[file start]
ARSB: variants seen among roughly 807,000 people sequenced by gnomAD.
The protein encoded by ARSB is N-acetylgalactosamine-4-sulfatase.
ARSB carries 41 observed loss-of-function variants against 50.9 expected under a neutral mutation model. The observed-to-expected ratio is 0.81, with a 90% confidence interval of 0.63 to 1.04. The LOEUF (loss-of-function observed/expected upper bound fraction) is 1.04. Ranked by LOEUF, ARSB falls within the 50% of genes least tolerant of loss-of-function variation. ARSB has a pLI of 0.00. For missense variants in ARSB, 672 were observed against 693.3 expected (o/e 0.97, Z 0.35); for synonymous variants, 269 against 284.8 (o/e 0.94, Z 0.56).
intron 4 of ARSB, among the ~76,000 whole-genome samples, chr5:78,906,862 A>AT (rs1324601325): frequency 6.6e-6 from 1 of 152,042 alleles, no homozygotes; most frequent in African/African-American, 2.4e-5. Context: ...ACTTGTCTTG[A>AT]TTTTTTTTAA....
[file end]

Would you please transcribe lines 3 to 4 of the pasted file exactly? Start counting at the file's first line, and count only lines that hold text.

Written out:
ARSB carries 41 observed loss-of-function variants against 50.9 expected under a neutral mutation model. The observed-to-expected ratio is 0.81, with a 90% confidence interval of 0.63 to 1.04. The LOEUF (loss-of-function observed/expected upper bound fraction) is 1.04. Ranked by LOEUF, ARSB falls within the 50% of genes least tolerant of loss-of-function variation. ARSB has a pLI of 0.00. For missense variants in ARSB, 672 were observed against 693.3 expected (o/e 0.97, Z 0.35); for synonymous variants, 269 against 284.8 (o/e 0.94, Z 0.56).
intron 4 of ARSB, among the ~76,000 whole-genome samples, chr5:78,906,862 A>AT (rs1324601325): frequency 6.6e-6 from 1 of 152,042 alleles, no homozygotes; most frequent in African/African-American, 2.4e-5. Context: ...ACTTGTCTTG[A>AT]TTTTTTTTAA....